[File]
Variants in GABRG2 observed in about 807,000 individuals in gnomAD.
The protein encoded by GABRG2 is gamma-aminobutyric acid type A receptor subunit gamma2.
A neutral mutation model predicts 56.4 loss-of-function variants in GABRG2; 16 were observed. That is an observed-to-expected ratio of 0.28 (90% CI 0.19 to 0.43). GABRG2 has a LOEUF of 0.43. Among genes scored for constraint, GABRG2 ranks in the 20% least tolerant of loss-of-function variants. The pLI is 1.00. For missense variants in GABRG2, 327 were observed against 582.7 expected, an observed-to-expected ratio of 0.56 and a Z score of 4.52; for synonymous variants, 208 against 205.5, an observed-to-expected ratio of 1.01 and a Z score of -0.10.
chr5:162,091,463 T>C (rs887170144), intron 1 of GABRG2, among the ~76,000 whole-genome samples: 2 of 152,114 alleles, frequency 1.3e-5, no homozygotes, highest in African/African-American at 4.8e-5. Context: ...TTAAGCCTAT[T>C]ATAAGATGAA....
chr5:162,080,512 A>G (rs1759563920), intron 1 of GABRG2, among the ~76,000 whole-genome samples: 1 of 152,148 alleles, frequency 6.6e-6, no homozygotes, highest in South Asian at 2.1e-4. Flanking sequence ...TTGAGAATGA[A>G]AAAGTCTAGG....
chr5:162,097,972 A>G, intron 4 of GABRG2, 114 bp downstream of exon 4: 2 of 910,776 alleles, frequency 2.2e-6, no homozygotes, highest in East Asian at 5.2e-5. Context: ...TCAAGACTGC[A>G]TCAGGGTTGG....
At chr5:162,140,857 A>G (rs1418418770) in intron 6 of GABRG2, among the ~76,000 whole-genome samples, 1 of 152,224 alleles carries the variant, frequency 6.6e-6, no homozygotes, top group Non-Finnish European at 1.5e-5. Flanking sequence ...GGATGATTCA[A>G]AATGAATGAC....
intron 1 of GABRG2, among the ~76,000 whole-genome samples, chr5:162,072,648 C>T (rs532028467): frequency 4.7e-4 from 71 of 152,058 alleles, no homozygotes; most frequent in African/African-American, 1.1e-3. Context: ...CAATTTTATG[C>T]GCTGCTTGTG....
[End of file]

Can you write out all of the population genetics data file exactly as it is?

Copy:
Variants in GABRG2 observed in about 807,000 individuals in gnomAD.
The protein encoded by GABRG2 is gamma-aminobutyric acid type A receptor subunit gamma2.
A neutral mutation model predicts 56.4 loss-of-function variants in GABRG2; 16 were observed. That is an observed-to-expected ratio of 0.28 (90% CI 0.19 to 0.43). GABRG2 has a LOEUF of 0.43. Among genes scored for constraint, GABRG2 ranks in the 20% least tolerant of loss-of-function variants. The pLI is 1.00. For missense variants in GABRG2, 327 were observed against 582.7 expected, an observed-to-expected ratio of 0.56 and a Z score of 4.52; for synonymous variants, 208 against 205.5, an observed-to-expected ratio of 1.01 and a Z score of -0.10.
chr5:162,091,463 T>C (rs887170144), intron 1 of GABRG2, among the ~76,000 whole-genome samples: 2 of 152,114 alleles, frequency 1.3e-5, no homozygotes, highest in African/African-American at 4.8e-5. Context: ...TTAAGCCTAT[T>C]ATAAGATGAA....
chr5:162,080,512 A>G (rs1759563920), intron 1 of GABRG2, among the ~76,000 whole-genome samples: 1 of 152,148 alleles, frequency 6.6e-6, no homozygotes, highest in South Asian at 2.1e-4. Flanking sequence ...TTGAGAATGA[A>G]AAAGTCTAGG....
chr5:162,097,972 A>G, intron 4 of GABRG2, 114 bp downstream of exon 4: 2 of 910,776 alleles, frequency 2.2e-6, no homozygotes, highest in East Asian at 5.2e-5. Context: ...TCAAGACTGC[A>G]TCAGGGTTGG....
At chr5:162,140,857 A>G (rs1418418770) in intron 6 of GABRG2, among the ~76,000 whole-genome samples, 1 of 152,224 alleles carries the variant, frequency 6.6e-6, no homozygotes, top group Non-Finnish European at 1.5e-5. Flanking sequence ...GGATGATTCA[A>G]AATGAATGAC....
intron 1 of GABRG2, among the ~76,000 whole-genome samples, chr5:162,072,648 C>T (rs532028467): frequency 4.7e-4 from 71 of 152,058 alleles, no homozygotes; most frequent in African/African-American, 1.1e-3. Context: ...CAATTTTATG[C>T]GCTGCTTGTG....